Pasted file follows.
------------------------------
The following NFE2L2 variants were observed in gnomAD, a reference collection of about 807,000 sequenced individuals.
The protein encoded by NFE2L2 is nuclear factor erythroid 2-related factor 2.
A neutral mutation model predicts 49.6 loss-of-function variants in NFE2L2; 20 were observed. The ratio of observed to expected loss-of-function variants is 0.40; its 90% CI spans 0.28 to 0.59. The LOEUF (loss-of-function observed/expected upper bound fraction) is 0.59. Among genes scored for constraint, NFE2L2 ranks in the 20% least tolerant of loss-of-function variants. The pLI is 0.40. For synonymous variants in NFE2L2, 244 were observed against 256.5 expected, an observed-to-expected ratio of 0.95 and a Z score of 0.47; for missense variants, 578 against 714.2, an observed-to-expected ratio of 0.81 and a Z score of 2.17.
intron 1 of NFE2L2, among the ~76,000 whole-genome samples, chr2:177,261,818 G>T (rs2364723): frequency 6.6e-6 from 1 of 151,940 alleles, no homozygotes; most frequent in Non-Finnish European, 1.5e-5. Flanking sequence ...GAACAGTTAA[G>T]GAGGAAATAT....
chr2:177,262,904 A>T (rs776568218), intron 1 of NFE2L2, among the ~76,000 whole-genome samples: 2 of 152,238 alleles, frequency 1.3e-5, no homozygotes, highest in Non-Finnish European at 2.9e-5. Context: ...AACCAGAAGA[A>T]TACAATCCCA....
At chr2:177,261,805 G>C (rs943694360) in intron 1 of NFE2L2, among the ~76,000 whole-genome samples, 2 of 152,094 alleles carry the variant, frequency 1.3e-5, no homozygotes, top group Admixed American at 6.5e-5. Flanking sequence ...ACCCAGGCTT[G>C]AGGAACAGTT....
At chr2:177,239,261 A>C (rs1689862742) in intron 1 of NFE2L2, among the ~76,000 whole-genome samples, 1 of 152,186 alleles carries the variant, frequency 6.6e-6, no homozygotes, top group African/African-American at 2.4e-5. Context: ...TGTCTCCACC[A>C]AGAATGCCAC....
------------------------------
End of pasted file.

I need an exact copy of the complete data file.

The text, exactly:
The following NFE2L2 variants were observed in gnomAD, a reference collection of about 807,000 sequenced individuals.
The protein encoded by NFE2L2 is nuclear factor erythroid 2-related factor 2.
A neutral mutation model predicts 49.6 loss-of-function variants in NFE2L2; 20 were observed. The ratio of observed to expected loss-of-function variants is 0.40; its 90% CI spans 0.28 to 0.59. The LOEUF (loss-of-function observed/expected upper bound fraction) is 0.59. Among genes scored for constraint, NFE2L2 ranks in the 20% least tolerant of loss-of-function variants. The pLI is 0.40. For synonymous variants in NFE2L2, 244 were observed against 256.5 expected, an observed-to-expected ratio of 0.95 and a Z score of 0.47; for missense variants, 578 against 714.2, an observed-to-expected ratio of 0.81 and a Z score of 2.17.
intron 1 of NFE2L2, among the ~76,000 whole-genome samples, chr2:177,261,818 G>T (rs2364723): frequency 6.6e-6 from 1 of 151,940 alleles, no homozygotes; most frequent in Non-Finnish European, 1.5e-5. Flanking sequence ...GAACAGTTAA[G>T]GAGGAAATAT....
chr2:177,262,904 A>T (rs776568218), intron 1 of NFE2L2, among the ~76,000 whole-genome samples: 2 of 152,238 alleles, frequency 1.3e-5, no homozygotes, highest in Non-Finnish European at 2.9e-5. Context: ...AACCAGAAGA[A>T]TACAATCCCA....
At chr2:177,261,805 G>C (rs943694360) in intron 1 of NFE2L2, among the ~76,000 whole-genome samples, 2 of 152,094 alleles carry the variant, frequency 1.3e-5, no homozygotes, top group Admixed American at 6.5e-5. Flanking sequence ...ACCCAGGCTT[G>C]AGGAACAGTT....
At chr2:177,239,261 A>C (rs1689862742) in intron 1 of NFE2L2, among the ~76,000 whole-genome samples, 1 of 152,186 alleles carries the variant, frequency 6.6e-6, no homozygotes, top group African/African-American at 2.4e-5. Context: ...TGTCTCCACC[A>C]AGAATGCCAC....